For Belgians on the peninsula, this story of appearance has been linked to that of the community since always. Adèle Brise, the visionary, was born in Dion-le-Val (Belgium) in 1831, and all Belgians participated, directly or indirectly, in the processions through the past years. Many see the attempt to “nationalize” the sanctuary as dispossession of their heritage. For Margareth, who teaches Walloon in her spare time, the Virgin’s message was transmitted in Walloon:

Adèle Brise had a poor command of French and did not speak English. The Blessed Virgin must have addressed her in Walloon. ”

Clifford Abts, 92, a former farmer and one of the last Walloon speakers in the United States. Colin Delfosse / Médor
Clifford Abts, 92, a former farmer and one of the last Walloon speakers in the United States. Colin Delfosse / Médor

Clifford Abts, 92, has long attended the Church of Our Lady of Champion: he was an altar boy during Marian processions. He and his sister Agatha (86) are part of the last circle of those who learned Walloon from their parents. They saw their community gradually melt into the American model.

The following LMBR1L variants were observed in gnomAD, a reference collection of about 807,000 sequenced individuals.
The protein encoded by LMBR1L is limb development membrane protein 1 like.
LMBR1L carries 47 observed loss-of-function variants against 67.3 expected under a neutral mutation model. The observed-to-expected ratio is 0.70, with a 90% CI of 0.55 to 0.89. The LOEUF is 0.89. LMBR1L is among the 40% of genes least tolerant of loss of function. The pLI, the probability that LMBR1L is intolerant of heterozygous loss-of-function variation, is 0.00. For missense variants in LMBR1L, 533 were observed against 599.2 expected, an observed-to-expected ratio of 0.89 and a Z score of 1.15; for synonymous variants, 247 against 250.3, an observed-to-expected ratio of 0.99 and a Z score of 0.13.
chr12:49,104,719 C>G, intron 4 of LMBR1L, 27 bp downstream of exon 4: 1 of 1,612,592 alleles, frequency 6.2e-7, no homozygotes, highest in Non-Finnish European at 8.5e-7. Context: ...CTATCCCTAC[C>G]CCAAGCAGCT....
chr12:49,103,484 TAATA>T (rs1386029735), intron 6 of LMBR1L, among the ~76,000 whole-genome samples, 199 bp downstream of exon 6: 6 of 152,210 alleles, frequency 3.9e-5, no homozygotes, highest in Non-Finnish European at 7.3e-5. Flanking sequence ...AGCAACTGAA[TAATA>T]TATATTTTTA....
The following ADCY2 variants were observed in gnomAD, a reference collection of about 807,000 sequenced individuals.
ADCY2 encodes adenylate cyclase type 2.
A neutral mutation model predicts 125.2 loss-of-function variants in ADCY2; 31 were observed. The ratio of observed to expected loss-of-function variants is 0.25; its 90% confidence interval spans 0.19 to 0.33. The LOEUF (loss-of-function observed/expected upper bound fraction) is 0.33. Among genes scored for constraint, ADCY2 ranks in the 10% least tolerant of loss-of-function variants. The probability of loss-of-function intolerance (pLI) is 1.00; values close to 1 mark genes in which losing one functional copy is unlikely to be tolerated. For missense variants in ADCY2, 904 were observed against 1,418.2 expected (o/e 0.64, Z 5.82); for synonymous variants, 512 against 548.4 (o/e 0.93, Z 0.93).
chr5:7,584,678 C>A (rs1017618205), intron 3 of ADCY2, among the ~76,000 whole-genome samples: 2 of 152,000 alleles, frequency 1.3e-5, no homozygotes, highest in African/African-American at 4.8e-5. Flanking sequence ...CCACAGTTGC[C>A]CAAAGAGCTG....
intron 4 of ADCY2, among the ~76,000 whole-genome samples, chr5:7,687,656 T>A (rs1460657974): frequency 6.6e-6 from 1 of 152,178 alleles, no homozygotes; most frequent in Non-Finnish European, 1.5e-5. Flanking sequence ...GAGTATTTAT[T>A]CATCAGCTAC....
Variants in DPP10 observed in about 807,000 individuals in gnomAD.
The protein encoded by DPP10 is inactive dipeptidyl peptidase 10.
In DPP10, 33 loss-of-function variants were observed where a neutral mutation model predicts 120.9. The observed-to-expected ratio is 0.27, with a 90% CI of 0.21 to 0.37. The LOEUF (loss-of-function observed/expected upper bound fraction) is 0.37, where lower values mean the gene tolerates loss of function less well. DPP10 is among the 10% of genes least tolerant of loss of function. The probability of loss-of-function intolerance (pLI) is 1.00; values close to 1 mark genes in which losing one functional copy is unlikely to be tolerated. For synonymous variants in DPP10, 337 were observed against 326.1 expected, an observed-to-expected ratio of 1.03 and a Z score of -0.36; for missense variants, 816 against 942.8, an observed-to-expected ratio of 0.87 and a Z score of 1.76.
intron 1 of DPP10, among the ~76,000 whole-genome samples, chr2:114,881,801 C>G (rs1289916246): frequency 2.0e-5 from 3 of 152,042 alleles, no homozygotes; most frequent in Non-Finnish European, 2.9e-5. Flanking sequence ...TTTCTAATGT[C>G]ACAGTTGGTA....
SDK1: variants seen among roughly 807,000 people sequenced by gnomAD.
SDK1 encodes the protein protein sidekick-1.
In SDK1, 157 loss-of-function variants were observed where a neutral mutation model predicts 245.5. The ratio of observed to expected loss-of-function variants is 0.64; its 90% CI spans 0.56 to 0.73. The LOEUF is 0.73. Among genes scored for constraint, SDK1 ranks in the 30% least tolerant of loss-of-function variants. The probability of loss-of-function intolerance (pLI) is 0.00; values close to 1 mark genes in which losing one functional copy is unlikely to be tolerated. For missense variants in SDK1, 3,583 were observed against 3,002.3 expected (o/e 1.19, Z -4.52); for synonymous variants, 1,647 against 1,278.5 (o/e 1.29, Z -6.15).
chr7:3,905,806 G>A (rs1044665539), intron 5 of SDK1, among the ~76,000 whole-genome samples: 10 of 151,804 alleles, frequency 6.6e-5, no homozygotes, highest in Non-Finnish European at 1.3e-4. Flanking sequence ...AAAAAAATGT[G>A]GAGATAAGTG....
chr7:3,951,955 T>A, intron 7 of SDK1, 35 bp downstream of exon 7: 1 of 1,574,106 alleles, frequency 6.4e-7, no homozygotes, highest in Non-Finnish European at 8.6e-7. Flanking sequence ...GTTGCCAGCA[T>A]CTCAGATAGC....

“When I got to high school, I didn’t speak a word of English. At recess, we were punished as soon as we said a word from Walloon ”, says Clifford. Regional languages ​​have long been stigmatized in the United States. They were, as with us, assimilated to a certain ignorance and a lack of education. The Belgians of Wisconsin have progressively prohibited themselves from speaking Walloon.

“Today we are trying to keep him alive, but the young people are no longer interested”, asserts Clifford. Clinging to his harmonica, he begins When the Saints Go Marching In, an occasional gospel.

Colin Delfosse